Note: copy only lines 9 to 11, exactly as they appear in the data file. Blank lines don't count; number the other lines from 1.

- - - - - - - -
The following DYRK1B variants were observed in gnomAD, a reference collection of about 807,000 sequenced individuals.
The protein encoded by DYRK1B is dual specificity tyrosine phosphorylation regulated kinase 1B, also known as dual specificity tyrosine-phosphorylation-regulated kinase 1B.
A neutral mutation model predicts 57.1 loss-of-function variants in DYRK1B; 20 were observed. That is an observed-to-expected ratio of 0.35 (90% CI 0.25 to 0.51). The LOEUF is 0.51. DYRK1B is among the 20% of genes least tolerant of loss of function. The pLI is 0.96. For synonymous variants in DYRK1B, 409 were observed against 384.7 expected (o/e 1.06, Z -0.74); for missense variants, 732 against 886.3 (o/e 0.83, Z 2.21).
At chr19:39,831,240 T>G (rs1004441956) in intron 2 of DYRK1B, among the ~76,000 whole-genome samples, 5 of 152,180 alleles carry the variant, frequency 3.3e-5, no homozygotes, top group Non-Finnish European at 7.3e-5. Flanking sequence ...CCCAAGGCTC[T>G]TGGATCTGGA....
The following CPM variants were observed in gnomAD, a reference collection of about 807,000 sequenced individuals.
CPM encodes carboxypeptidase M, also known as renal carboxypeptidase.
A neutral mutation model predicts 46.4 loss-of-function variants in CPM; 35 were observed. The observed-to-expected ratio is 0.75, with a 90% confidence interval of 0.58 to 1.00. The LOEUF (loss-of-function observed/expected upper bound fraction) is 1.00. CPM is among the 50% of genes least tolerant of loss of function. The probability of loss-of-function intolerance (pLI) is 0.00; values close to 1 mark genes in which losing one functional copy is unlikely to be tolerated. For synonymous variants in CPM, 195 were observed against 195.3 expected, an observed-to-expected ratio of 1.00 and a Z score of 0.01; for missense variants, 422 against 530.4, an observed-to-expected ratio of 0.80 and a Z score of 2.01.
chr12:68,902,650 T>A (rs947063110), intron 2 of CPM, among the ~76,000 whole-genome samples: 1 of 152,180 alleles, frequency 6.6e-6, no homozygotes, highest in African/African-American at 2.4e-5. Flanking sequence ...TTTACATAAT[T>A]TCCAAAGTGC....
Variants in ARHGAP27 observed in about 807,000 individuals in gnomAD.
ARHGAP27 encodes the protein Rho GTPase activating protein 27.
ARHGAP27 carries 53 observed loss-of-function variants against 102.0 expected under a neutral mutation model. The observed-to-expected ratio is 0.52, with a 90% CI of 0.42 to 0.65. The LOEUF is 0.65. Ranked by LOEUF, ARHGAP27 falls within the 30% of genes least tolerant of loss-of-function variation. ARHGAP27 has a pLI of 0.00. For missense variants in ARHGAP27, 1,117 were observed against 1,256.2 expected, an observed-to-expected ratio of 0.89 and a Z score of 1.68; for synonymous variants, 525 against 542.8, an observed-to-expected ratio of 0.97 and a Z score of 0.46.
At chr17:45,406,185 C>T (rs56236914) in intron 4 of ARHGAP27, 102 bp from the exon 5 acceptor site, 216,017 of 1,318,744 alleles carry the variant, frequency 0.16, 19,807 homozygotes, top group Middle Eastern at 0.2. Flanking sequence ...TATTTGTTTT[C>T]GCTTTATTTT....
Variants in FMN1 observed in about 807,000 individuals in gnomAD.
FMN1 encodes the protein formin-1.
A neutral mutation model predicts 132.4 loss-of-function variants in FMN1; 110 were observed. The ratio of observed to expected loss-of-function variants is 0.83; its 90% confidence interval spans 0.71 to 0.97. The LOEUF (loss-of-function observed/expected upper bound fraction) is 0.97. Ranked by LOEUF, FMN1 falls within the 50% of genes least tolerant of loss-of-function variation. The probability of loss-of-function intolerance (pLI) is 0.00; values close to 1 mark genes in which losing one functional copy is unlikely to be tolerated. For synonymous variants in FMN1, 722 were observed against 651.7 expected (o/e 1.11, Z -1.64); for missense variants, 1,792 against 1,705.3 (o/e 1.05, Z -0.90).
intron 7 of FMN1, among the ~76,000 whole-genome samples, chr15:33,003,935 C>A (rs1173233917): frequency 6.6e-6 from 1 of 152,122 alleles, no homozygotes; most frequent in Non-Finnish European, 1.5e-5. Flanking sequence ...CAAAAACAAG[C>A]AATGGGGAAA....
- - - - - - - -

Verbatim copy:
Variants in ARHGAP27 observed in about 807,000 individuals in gnomAD.
ARHGAP27 encodes the protein Rho GTPase activating protein 27.
ARHGAP27 carries 53 observed loss-of-function variants against 102.0 expected under a neutral mutation model. The observed-to-expected ratio is 0.52, with a 90% CI of 0.42 to 0.65. The LOEUF is 0.65. Ranked by LOEUF, ARHGAP27 falls within the 30% of genes least tolerant of loss-of-function variation. ARHGAP27 has a pLI of 0.00. For missense variants in ARHGAP27, 1,117 were observed against 1,256.2 expected, an observed-to-expected ratio of 0.89 and a Z score of 1.68; for synonymous variants, 525 against 542.8, an observed-to-expected ratio of 0.97 and a Z score of 0.46.